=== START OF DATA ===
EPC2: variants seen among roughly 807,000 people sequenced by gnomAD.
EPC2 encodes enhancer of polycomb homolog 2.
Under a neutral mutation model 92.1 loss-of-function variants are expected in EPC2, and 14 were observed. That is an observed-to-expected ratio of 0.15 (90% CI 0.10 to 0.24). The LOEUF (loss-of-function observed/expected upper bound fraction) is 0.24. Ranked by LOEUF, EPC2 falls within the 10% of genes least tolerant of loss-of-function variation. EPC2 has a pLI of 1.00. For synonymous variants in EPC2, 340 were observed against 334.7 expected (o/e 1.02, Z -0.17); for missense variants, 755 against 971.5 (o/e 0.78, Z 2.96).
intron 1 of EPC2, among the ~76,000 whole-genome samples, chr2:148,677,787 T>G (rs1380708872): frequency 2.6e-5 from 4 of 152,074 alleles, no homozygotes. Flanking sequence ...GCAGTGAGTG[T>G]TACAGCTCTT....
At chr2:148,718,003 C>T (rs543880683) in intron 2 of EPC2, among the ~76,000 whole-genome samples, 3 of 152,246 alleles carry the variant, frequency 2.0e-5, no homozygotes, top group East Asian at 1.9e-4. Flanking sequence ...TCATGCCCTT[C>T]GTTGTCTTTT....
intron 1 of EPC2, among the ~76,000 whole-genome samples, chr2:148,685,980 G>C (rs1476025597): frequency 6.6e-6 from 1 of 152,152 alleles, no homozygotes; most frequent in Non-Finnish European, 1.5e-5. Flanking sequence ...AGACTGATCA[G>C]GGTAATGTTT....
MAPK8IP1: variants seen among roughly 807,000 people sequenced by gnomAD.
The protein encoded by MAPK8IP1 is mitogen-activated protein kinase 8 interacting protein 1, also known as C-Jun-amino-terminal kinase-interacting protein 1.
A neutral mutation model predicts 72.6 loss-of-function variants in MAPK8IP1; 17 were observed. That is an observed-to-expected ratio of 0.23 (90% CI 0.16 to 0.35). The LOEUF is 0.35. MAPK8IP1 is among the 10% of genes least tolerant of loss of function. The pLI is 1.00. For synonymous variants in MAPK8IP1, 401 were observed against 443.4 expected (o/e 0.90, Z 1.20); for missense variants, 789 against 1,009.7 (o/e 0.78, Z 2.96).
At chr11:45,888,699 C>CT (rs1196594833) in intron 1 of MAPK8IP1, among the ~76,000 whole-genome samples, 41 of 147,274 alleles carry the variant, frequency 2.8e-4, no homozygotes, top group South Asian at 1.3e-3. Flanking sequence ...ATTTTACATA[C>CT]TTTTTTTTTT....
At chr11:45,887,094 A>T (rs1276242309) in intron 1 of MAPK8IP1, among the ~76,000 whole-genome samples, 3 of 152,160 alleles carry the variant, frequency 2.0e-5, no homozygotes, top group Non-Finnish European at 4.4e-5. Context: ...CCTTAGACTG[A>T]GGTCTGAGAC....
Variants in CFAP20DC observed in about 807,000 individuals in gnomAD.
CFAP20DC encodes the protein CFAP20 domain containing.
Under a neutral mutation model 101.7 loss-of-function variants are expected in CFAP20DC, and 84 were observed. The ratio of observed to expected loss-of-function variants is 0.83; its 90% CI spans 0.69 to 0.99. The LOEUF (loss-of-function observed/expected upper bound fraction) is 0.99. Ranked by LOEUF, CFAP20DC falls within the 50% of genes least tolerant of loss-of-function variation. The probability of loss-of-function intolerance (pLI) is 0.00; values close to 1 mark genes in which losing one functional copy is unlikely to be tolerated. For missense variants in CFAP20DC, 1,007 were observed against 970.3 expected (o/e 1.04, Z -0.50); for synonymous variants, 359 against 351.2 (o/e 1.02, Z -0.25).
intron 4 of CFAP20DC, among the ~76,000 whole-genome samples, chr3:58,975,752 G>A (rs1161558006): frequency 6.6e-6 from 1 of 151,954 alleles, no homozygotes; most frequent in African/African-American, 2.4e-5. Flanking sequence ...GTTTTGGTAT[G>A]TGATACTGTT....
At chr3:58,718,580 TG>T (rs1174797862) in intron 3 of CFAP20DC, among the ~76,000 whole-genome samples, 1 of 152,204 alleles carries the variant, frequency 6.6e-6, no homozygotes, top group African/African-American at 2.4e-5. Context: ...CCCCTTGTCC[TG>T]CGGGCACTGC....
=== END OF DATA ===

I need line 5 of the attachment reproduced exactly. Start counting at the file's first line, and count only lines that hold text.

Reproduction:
At chr2:148,718,003 C>T (rs543880683) in intron 2 of EPC2, among the ~76,000 whole-genome samples, 3 of 152,246 alleles carry the variant, frequency 2.0e-5, no homozygotes, top group East Asian at 1.9e-4. Flanking sequence ...TCATGCCCTT[C>T]GTTGTCTTTT....